Palliative care video launched
Josephine Graham was diagnosed with cancer for the second time two years ago. She is now a regular day patient at Our Lady’s Hospice in Harold’s Cross.
“I’m still on my journey,” she declared cheerfully yesterday at the Royal Hospital in Kilmainham, at the launch of an information video about palliative care.
The 30-minute video, which was launched by broadcaster Miriam O’Callaghan, is a joint initiative between Our Lady’s Hospice and St James Hospital.
It can be viewed on both their websites, and is also available in DVD form. Graham is one of the participants featured in the video. “It will give people information,” she explained. “When you are diagnosed in the beginning, you don’t even know what questions to ask.”
In addition to contributions from broadcasters O’Callaghan, Gay Byrne and Charlie Bird, the video features patients such as Graham, talking clearly and openly about their experience of receiving palliative care.
It also features several people from the care teams at James’ and Our Lady’s Hospice. They cover topics that include communication, fears of becoming addicted to morphine, coping with the shock of diagnosis, and spiritual and physical care.
One of the team members from James’ is Cathriona Corcoran, a clinical nurse specialist.
“There is a massive taboo around palliative care,” she says. “There is an old myth that it is about end-of-life care. It no longer is. It is about living until you die. The phrase I hate the most is, ‘There’s nothing else we can do for you’, because it is never true.
People are now living longer after diagnosis, and proper palliative care can reduce fear and distress for both the person, and their family. It takes the fear out of dying. It is true that some of the people we see can die within 24 hours, but we also see people who live for on for months and years.”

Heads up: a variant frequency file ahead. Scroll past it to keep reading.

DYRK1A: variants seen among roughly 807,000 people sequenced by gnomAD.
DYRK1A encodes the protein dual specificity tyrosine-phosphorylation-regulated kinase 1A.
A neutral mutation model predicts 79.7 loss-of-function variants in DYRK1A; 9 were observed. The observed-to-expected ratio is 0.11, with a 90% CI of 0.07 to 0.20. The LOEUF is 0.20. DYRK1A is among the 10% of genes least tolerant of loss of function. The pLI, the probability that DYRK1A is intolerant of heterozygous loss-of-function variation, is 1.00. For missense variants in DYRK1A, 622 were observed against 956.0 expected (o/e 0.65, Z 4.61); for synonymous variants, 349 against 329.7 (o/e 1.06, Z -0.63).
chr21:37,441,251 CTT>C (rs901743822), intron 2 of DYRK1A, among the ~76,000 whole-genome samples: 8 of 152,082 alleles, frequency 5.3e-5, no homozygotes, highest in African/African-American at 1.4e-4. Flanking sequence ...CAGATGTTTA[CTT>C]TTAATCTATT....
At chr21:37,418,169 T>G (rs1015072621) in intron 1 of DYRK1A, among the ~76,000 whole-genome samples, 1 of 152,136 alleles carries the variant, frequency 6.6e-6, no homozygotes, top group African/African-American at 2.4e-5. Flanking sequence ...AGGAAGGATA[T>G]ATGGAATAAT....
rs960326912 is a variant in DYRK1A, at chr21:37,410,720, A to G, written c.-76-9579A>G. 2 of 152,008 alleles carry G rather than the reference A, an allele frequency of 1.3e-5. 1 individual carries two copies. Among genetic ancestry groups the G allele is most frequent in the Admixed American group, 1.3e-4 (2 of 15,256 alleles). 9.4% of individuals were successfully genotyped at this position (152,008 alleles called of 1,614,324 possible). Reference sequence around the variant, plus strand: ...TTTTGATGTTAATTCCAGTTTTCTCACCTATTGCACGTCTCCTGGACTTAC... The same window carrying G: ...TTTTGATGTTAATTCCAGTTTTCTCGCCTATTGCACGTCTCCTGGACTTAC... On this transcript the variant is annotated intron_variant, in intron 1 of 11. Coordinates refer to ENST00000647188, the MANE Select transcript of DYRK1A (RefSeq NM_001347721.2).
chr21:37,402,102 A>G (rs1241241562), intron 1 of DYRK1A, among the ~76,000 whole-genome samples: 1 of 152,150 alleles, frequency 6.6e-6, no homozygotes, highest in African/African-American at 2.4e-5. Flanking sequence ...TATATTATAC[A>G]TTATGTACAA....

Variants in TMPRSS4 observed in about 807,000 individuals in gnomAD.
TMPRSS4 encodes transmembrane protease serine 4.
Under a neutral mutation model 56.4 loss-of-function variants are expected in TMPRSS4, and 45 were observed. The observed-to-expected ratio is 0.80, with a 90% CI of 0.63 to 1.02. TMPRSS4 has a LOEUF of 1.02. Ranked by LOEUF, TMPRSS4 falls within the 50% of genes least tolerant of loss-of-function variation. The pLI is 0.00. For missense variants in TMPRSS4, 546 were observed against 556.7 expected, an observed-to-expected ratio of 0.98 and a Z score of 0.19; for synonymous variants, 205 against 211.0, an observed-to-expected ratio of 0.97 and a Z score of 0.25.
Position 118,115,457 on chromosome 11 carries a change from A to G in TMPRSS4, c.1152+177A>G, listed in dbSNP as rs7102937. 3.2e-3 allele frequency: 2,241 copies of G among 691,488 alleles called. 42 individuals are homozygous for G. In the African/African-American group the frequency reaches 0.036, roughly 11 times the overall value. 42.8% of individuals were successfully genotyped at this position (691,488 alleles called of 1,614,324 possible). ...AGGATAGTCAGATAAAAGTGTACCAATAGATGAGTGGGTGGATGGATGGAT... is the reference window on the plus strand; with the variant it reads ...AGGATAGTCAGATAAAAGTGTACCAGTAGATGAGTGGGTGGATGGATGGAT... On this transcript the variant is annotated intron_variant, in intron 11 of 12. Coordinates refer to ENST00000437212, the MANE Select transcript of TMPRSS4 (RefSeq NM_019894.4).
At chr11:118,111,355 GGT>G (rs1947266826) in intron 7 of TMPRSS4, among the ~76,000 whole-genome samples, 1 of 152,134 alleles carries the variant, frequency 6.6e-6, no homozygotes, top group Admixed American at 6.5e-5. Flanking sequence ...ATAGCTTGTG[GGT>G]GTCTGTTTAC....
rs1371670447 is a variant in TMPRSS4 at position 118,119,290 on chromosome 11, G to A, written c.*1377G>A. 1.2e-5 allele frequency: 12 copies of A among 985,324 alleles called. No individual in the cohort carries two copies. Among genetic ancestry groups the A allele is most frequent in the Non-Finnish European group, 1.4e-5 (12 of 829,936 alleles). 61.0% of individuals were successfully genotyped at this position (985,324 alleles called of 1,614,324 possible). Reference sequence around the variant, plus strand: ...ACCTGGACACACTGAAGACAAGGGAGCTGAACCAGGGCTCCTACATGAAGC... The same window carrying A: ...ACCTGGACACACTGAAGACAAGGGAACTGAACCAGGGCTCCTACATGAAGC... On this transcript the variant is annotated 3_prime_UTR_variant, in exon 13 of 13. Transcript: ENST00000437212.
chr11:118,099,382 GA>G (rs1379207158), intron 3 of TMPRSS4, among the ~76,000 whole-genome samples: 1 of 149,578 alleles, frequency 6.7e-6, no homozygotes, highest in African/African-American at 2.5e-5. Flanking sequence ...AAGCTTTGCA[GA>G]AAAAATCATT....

Also featured on the video are sisters Nora Gahan and May O’Brien, whose sister Helen Lalor died of bowel cancer aged 59 in 2010. They were both at the Royal Hospital yesterday. “When Helen was diagnosed in 2008, it was our first experience of a palliative diagnosis,” Gahan says.
“I had thought it meant someone was close to death,” O’Brien admits. Their sister lived for two more years after her diagnosis, and the palliative care unit became “a second home to us,” as O’Brien says. “It brought all of our family together. I found it very hard to know that she was going to die, but they were always there to support us. We were never fobbed off when we asked questions.”
The sisters took part in the video because they hope that others who face into a similar experience in the future will be reassured by understanding the scope of support available, not just for the person with the diagnosis, but also for their families. “There is help out there,” O’Brien stresses.